Eid al-Fitr, also called the “Festival of Breaking the Fast”, is a religious holiday celebrated by Muslims worldwide that marks the end of the month-long dawn-to-sunset fasting of Ramadan.
WHILE the Islamic calendar celebrates two different Eid festivals throughout the year – Eid ul-Fitr and Eid ul-Adha – both are celebrated for very different reasons.
Eid ul-Fitr is a three-day celebration that takes place at the end of the Holy month of Ramadan, at the start of Shawwal, the 10th month of the Islamic calendar; Eid ul-Adha takes place following the annual Hajj pilgrimage on the 10th day of the 12th month, Dhu al-Hijjah.
What Does Eid ul-Fitr Mean?
So, what is Eid? When directly translated, the Eid meaning is “the festival of breaking the fast” and commemorates the end of a month-long fast throughout Ramadan for Muslims in South Africa and around the world.
The festival is a very important time in Islam and allows families, loved ones and communities to come together and celebrate following a month of abstinence and dedication to Allah.
This is important because it marks the end of Ramadan, the month in which the Holy Qur’an was first revealed to Prophet Mohammad. Throughout Ramadan, Muslims around the world undertake a fast between the hours of sunset and sunrise and spend a lot of time in self-reflection while studying the Qur’an and connecting with Allah on a spiritual level.
After a full month of sacrifice and dedication, Eid ul-Fitr is a time to come together with family and loved ones to enjoy everyday blessings.
“The month of Ramadan is that in which was revealed the Qur’an, a guidance for the people and clear proofs of guidance and criterion. So, whoever sights the new moon of the month, let him fast it; and whoever is ill or on a journey – then an equal number of other days. Allah intends for you ease and does not intend for you hardship and wants for you to complete the period and to glorify Allah for that to which He has guided you; and perhaps you will be grateful.” – Quran 2:185
When is Eid ul-Fitr 2021?
Many people ask, “what date is Eid?” and the exact date varies year to year, because of the rotational nature of the lunar calendar.
The Eid 2021 date is anticipated to fall in the evening of Wednesday 12th May after Ramadan, however, this is dependent on the sighting of the moon, so it’s always best to check with your local Mosque for confirmation nearer the time.
The exact date of Eid ul-Fitr normally varies across the world; there are some communities who choose to retain consistency and celebrate at the same time by declaring Eid 2021 once the new moon has appeared above Mecca.
Why is Eid Celebrated?
Eid ul-Fitr is celebrated following a successful month of abstaining from both food and drink during daylight hours; this takes a lot of self-control and dedication to bring oneself spiritually closer to Allah through prayer and worship in commemoration of the month when the Qur’an was first revealed.
To celebrate a full month of fasting in this way, Eid ul-Fitr is a joining together of family, friends, and communities to feast and enjoy the food that has been provided by Allah.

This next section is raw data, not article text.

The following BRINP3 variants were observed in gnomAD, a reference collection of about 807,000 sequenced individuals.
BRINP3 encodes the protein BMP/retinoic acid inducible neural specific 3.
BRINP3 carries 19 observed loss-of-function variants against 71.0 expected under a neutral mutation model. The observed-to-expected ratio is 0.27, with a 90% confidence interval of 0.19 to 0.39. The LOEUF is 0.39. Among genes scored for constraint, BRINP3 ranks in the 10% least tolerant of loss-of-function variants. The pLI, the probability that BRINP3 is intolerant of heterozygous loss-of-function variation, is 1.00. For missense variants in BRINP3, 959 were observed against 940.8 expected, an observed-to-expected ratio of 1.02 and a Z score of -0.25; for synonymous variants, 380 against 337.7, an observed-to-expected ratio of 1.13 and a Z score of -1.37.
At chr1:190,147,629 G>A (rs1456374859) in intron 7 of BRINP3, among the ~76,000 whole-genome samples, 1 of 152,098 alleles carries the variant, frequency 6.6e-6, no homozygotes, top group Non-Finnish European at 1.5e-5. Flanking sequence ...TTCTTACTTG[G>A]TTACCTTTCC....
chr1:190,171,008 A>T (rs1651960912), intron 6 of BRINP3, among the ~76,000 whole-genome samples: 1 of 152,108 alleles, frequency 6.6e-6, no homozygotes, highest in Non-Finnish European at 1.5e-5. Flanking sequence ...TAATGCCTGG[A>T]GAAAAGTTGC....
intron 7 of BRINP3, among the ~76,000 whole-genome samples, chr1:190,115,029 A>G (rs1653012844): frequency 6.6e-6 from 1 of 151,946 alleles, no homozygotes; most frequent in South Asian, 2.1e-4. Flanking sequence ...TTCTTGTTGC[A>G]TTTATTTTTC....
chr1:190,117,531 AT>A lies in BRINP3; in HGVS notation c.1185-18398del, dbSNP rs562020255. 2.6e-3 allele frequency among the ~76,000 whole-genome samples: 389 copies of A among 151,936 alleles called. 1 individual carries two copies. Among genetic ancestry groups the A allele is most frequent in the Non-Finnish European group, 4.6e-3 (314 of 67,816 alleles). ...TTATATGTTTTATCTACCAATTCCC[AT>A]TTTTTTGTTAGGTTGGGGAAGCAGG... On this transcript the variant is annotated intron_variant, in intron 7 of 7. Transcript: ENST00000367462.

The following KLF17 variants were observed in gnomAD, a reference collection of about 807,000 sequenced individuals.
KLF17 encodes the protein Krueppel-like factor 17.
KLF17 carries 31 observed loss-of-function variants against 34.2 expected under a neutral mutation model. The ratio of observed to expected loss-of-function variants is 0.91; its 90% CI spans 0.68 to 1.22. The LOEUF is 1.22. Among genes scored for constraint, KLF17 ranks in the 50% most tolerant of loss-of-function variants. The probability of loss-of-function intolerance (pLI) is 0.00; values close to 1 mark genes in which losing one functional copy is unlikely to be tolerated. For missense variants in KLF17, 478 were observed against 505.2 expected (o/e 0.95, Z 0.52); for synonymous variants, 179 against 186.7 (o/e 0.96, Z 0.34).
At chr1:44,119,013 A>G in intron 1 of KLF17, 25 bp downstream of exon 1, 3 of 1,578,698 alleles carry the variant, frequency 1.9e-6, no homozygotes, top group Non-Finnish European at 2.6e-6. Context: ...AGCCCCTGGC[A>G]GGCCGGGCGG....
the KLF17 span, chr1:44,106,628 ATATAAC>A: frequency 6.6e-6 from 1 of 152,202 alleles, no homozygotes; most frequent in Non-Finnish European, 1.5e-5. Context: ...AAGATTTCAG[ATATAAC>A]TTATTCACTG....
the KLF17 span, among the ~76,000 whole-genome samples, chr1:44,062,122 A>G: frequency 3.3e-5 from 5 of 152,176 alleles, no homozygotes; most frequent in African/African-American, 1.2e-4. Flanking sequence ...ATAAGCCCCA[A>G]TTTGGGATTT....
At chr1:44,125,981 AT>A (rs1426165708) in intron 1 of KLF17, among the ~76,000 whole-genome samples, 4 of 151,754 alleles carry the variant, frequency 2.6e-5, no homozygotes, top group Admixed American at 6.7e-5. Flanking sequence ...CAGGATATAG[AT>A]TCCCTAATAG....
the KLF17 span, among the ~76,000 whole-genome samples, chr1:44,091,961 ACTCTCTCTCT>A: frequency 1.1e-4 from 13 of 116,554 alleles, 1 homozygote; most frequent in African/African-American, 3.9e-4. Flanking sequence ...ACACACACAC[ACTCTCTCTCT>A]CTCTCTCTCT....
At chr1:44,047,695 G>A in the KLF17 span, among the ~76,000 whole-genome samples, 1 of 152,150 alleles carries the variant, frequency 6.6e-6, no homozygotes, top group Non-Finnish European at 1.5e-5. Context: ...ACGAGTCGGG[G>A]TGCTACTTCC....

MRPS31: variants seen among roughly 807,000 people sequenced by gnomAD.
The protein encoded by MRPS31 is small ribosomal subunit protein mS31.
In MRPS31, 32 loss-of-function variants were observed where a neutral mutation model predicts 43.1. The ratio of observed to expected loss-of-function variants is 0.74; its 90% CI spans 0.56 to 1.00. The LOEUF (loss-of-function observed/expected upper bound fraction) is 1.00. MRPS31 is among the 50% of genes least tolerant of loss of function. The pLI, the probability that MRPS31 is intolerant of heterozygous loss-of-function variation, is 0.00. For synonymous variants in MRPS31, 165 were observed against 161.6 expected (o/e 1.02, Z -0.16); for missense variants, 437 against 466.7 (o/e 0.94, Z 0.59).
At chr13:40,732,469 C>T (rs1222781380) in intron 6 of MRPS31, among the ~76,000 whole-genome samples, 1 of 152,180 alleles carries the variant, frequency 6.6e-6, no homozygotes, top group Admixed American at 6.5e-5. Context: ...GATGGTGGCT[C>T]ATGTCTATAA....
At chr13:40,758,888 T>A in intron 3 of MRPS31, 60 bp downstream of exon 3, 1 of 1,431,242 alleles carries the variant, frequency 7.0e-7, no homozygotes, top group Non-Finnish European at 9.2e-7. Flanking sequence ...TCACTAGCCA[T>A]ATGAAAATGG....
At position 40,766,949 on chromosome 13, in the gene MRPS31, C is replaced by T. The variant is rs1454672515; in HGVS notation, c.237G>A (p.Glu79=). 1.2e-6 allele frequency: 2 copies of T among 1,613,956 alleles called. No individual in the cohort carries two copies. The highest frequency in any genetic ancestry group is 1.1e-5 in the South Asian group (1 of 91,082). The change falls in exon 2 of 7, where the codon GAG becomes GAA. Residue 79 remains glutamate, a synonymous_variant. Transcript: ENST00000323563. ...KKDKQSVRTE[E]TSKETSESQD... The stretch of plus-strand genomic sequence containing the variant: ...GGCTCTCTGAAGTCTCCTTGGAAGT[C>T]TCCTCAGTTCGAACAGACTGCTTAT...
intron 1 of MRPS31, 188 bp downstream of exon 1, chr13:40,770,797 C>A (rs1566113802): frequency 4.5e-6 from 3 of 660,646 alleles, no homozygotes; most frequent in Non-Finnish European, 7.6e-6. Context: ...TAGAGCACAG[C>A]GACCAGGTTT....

Ways to celebrate Eid
Eid-ul-Fitr festival is an important way to mark the end of Ramadan, however, before the festivities can begin, there are a number of important rituals that must first take place to give true thanks to Allah for all he has done.
Dawn prayers – also known as Fajr – are performed with your family before the “ghusl” cleansing, which purifies the whole body. After the cleansing or ablution, the family prepares for the day, by wearing the finest clothes they own, or new clothes they have bought for the occasion.
Families then head over to the local mosque to wish friends, family and the local community “Eid Mubarak” which is the traditional Eid greeting. The Eid Mubarak meaning is translated to “blessed feast/festival”, but it is also used in the context of “happy Eid” and “blessed celebration”. After the greetings are said, Eid prayers begin.
Zakat ul-Fitr, or Fitrana, is a charity donation which must be made before Eid prayers commence, as this is distributed amongst the neediest to ensure they can take part in Eid festivities.
It’s also traditional to exchange gifts during the Eid celebration, particularly between young children and close family members. This holiday is also known as “The Lesser Eid” or “Sweet Eid” due to the increased number of sweet snacks available, and also because this day holds less importance in the Islamic calendar than Eid ul-Adha.
“Worship God and join none with Him in worship, and do good to parents, kinsfolk, orphans, the poor, the neighbour who is near of kin, the neighbour who is a stranger, the companion by your side, the wayfarer (you meet) . . . verily, God does not like such as are proud and boastful.” – Quran 4:36
Preparing for Eid ul-Fitr
Eid is a joyous time and many Muslim communities look forward to the celebrations with eagerness. Eid charity donations are commonly made at this time of year, whether as Zakat donations or Zakat ul-Fitr.
“Those who believe, and do deeds of righteousness, and establish regular prayers and regular charity, will have their reward with their Lord. On them shall be no fear, nor shall they grieve.” – Quran 2:277
– SOURCE: www.muslimaid.org